The coronavirus pandemic is expected to result in a $50 billion hit to the Australian economy in the June quarter.
Treasurer Josh Frydenberg says Treasury also expects the staged lifting of restrictions will cost $9.4 billion a month after July, while household consumption could drop 16 per cent and business and dwelling investment 18 per cent apiece from pre-crisis levels.
It also anticipates unemployment rising to 10 per cent.
Mr Frydenberg’s economic statement to parliament on Tuesday, on the day he was supposed to hand down the federal budget, was overshadowed by him suffering a coughing fit.
He was tested for COVID-19 and it has come back negative.
“Yesterday I was tested for COVID-19 out of an abundance of caution on the advice of the Deputy Chief Medical Officer. This morning I received the result of the test which was negative,” he tweeted in Wednesday.
Labor said while the traditional budget day didn’t contain a budget, Australians would have expected Mr Frydenberg to unveil some kind of plan with his update.
“Yet all Australians get today is a cut and paste of what the government has already said and what Australians already knew,” shadow treasurer Jim Chalmers said.
“If only the treasurer had coughed up some detail or a plan.”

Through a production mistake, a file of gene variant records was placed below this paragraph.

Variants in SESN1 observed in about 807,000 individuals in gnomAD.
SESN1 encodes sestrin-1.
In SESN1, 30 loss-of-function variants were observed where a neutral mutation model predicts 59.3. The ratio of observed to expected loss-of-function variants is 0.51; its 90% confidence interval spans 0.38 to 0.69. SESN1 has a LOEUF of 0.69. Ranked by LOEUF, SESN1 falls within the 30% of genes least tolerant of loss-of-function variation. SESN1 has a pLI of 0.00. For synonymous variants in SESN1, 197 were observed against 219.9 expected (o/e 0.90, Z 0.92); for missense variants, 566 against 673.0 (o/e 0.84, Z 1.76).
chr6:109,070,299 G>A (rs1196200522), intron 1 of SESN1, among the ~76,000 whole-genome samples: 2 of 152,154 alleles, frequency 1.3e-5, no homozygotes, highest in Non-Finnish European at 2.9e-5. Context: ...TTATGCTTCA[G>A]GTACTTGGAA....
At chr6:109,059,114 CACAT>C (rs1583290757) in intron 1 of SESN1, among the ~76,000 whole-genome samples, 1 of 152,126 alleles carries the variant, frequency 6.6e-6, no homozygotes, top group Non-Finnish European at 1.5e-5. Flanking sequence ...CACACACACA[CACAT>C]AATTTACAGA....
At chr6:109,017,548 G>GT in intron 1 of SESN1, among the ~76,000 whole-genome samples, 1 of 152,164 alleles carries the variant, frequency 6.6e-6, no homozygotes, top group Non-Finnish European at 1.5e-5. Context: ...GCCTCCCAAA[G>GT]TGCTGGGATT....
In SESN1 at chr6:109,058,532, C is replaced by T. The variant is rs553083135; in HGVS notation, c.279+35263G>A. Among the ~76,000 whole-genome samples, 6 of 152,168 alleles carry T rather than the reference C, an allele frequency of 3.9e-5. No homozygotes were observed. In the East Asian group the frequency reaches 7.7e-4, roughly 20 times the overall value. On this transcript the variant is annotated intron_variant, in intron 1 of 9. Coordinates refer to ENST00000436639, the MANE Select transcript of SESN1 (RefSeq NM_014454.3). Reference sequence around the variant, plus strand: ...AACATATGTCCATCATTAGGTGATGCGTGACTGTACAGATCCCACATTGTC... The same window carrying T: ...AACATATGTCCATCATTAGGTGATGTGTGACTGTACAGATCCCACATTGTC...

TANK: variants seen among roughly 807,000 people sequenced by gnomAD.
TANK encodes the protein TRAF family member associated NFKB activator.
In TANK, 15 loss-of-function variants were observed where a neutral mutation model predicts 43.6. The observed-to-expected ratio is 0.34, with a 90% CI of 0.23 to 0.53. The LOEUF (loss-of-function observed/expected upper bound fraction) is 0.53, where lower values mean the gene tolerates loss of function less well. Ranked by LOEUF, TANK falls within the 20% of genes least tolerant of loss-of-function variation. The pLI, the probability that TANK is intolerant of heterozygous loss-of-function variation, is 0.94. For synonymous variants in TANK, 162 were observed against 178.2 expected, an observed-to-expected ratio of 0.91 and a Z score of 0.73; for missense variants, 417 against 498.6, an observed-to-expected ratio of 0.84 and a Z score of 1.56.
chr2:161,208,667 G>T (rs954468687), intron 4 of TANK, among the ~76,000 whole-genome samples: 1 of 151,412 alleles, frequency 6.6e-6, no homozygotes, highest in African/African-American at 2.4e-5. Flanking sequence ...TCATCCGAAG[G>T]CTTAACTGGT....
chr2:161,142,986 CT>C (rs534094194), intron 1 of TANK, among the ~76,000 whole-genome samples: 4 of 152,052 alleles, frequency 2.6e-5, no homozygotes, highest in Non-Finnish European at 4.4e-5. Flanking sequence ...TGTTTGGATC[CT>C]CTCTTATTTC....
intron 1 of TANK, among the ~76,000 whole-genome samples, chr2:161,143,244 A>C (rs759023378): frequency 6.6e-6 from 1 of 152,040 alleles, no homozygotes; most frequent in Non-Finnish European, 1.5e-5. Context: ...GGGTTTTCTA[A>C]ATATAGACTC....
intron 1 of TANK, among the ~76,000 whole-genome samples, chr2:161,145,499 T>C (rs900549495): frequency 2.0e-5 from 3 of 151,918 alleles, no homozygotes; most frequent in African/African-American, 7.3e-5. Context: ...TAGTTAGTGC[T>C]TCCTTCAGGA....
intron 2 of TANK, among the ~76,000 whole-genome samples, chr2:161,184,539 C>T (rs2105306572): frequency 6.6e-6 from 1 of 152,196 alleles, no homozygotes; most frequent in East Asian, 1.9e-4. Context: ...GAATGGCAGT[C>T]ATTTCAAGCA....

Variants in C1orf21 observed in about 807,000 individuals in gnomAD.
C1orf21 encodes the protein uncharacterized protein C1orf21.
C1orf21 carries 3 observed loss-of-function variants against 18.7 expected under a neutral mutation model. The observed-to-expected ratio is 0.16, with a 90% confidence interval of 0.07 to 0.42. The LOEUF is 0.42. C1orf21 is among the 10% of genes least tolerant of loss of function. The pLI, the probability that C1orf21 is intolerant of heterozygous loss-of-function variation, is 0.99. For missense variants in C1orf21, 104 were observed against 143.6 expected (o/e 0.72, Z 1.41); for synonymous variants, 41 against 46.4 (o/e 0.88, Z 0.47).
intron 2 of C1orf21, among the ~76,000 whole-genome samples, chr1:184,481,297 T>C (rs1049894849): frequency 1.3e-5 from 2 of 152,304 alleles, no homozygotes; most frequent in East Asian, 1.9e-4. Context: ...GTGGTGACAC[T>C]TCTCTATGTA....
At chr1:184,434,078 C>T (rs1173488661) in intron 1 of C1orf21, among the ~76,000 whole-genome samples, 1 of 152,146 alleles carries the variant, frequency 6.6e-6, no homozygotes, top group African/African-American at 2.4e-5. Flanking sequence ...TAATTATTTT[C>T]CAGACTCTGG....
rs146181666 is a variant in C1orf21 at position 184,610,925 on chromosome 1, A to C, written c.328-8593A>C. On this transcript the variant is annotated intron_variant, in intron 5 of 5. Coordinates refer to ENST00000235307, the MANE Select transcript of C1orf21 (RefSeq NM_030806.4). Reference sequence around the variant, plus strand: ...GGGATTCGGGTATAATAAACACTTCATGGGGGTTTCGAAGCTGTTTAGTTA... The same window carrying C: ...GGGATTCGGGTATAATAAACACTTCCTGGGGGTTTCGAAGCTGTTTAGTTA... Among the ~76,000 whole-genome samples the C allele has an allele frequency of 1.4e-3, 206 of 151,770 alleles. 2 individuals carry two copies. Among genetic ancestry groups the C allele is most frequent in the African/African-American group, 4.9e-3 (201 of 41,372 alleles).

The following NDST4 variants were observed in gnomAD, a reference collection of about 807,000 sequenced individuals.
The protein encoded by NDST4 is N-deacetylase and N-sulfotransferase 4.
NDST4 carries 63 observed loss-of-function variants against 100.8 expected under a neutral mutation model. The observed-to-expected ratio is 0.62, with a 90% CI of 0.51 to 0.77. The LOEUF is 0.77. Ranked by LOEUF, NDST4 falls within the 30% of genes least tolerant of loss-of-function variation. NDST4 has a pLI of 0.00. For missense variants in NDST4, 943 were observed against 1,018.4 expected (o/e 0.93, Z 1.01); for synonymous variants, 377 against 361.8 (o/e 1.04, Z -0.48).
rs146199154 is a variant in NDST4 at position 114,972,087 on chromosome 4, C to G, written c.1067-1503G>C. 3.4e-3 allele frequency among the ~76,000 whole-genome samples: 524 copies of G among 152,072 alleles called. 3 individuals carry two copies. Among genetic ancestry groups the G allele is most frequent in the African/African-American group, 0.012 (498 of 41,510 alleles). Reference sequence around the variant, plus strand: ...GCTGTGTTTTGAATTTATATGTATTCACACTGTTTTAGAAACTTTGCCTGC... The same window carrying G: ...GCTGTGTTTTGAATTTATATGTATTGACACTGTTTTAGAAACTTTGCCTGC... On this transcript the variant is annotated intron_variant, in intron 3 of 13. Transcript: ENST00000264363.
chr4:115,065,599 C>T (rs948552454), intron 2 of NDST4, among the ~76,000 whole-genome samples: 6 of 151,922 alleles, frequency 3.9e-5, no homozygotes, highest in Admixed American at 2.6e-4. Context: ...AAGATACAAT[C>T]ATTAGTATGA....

Australian Industry Group boss Innes Willox said governments must be willing to challenge and change old ways of thinking as they look towards the economic recovery.
“Conversations around policy change which were previously consigned to the too-hard basket need to be reconsidered,” he said.
“Changes in approach need to take account of competitiveness, productivity, growth and fairness.”
New data for wages growth in March out on Wednesday and labour force figures on Thursday are expected to add to the gloomy picture.
CommSec chief economist Craig James said the latter numbers could challenge consumer sentiment, which has continued to improve from record lows when the virus first hit Australia.
“Optimism that we may have seen the back of the worst of the pandemic and an easing of lockdown restrictions have likely boosted consumer morale,” he said.